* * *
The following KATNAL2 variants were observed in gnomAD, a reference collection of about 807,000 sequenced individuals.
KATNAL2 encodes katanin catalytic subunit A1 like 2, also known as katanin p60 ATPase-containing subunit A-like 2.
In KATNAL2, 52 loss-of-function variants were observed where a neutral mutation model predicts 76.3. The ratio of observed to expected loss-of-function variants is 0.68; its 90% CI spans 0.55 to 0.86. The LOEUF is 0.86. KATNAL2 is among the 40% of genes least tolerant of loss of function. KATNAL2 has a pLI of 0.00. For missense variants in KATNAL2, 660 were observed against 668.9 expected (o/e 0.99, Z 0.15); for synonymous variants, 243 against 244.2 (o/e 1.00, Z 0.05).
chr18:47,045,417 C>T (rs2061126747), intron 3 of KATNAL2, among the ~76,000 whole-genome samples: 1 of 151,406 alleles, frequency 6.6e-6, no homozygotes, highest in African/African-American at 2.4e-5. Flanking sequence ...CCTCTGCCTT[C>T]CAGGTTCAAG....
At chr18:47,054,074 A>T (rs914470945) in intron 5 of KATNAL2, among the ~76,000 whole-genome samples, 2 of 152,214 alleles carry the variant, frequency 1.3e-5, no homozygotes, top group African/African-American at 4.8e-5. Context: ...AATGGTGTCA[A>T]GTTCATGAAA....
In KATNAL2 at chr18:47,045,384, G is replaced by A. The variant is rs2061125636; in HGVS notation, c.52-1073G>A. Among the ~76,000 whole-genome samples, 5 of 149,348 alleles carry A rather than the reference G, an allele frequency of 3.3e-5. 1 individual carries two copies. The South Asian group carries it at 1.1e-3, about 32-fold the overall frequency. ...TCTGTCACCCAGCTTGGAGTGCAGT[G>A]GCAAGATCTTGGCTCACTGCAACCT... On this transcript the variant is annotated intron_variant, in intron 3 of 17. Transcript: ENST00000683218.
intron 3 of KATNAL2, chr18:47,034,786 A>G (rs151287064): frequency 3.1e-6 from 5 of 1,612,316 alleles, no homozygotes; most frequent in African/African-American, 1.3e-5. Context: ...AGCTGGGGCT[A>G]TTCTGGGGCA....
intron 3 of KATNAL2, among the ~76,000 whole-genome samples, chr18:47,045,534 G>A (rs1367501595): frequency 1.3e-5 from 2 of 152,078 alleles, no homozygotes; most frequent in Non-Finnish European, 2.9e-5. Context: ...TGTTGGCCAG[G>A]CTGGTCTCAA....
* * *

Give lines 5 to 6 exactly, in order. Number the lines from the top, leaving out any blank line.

At chr18:47,054,074 A>T (rs914470945) in intron 5 of KATNAL2, among the ~76,000 whole-genome samples, 2 of 152,214 alleles carry the variant, frequency 1.3e-5, no homozygotes, top group African/African-American at 4.8e-5. Context: ...AATGGTGTCA[A>T]GTTCATGAAA....
In KATNAL2 at chr18:47,045,384, G is replaced by A. The variant is rs2061125636; in HGVS notation, c.52-1073G>A. Among the ~76,000 whole-genome samples, 5 of 149,348 alleles carry A rather than the reference G, an allele frequency of 3.3e-5. 1 individual carries two copies. The South Asian group carries it at 1.1e-3, about 32-fold the overall frequency. ...TCTGTCACCCAGCTTGGAGTGCAGT[G>A]GCAAGATCTTGGCTCACTGCAACCT... On this transcript the variant is annotated intron_variant, in intron 3 of 17. Transcript: ENST00000683218.